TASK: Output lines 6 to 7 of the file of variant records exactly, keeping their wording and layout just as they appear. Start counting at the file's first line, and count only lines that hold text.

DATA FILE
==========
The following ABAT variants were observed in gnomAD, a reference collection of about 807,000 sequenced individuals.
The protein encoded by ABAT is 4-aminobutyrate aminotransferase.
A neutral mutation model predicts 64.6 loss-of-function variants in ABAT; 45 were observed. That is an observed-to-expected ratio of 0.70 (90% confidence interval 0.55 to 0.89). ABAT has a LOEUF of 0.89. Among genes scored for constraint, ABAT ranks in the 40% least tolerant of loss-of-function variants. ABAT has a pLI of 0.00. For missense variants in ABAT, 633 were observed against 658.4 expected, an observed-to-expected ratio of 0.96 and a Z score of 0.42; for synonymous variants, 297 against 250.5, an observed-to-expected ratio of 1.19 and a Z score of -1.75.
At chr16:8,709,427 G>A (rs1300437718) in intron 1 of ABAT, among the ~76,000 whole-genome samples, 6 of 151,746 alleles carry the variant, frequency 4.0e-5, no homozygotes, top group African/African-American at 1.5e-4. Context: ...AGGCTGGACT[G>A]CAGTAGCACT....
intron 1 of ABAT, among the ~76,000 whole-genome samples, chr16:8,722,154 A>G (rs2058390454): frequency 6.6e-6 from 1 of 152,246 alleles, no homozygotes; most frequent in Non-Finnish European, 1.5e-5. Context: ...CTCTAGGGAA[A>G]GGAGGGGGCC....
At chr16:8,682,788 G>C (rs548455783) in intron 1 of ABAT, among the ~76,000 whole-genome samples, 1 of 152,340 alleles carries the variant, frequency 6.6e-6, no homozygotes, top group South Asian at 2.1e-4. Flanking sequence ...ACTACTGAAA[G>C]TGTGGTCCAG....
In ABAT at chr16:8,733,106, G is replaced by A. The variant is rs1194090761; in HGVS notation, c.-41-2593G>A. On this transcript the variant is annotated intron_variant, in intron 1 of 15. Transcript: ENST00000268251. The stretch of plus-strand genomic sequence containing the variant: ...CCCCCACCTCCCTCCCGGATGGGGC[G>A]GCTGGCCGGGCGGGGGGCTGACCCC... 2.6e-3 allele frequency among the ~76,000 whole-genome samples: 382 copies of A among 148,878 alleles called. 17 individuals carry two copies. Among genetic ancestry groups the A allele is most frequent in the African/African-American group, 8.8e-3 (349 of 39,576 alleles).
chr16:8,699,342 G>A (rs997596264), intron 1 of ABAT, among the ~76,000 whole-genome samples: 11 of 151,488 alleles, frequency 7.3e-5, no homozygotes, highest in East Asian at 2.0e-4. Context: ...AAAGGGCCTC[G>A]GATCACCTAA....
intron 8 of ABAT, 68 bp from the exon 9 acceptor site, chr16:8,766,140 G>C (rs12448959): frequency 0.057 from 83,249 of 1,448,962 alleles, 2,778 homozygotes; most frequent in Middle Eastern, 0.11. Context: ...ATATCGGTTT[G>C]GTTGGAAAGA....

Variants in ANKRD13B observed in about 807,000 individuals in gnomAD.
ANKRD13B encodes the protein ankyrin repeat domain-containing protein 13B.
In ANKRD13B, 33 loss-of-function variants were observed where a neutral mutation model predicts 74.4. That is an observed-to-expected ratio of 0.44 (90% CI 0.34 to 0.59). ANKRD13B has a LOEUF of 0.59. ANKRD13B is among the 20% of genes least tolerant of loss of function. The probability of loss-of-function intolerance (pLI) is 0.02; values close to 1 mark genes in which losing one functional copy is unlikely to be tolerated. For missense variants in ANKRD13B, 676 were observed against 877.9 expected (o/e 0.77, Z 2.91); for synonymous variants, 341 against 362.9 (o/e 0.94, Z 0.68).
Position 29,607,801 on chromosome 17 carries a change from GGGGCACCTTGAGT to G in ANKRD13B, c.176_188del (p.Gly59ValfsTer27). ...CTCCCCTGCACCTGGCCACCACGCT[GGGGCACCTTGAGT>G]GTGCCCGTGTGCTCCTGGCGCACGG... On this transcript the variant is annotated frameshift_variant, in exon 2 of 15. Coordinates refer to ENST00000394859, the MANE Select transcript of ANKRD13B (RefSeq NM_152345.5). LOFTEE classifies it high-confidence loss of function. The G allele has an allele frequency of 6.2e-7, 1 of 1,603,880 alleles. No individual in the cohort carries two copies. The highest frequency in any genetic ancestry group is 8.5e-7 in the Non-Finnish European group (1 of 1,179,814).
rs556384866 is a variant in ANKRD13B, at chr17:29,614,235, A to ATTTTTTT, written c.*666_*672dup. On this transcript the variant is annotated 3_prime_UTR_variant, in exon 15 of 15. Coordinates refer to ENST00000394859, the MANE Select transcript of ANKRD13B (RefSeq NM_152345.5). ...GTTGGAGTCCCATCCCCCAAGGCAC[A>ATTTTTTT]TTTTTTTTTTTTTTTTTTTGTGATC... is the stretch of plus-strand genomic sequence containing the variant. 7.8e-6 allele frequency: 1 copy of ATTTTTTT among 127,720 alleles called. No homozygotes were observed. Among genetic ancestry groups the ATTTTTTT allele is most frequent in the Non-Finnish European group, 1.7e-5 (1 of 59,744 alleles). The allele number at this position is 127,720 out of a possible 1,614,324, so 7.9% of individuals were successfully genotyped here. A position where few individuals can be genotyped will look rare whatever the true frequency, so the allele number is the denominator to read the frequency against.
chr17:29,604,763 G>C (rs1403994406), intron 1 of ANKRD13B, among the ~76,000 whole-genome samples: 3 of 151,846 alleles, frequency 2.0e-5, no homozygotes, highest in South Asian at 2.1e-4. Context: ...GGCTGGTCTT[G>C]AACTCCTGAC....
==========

At chr16:8,682,788 G>C (rs548455783) in intron 1 of ABAT, among the ~76,000 whole-genome samples, 1 of 152,340 alleles carries the variant, frequency 6.6e-6, no homozygotes, top group South Asian at 2.1e-4. Flanking sequence ...ACTACTGAAA[G>C]TGTGGTCCAG....
In ABAT at chr16:8,733,106, G is replaced by A. The variant is rs1194090761; in HGVS notation, c.-41-2593G>A. On this transcript the variant is annotated intron_variant, in intron 1 of 15. Transcript: ENST00000268251. The stretch of plus-strand genomic sequence containing the variant: ...CCCCCACCTCCCTCCCGGATGGGGC[G>A]GCTGGCCGGGCGGGGGGCTGACCCC... 2.6e-3 allele frequency among the ~76,000 whole-genome samples: 382 copies of A among 148,878 alleles called. 17 individuals carry two copies. Among genetic ancestry groups the A allele is most frequent in the African/African-American group, 8.8e-3 (349 of 39,576 alleles).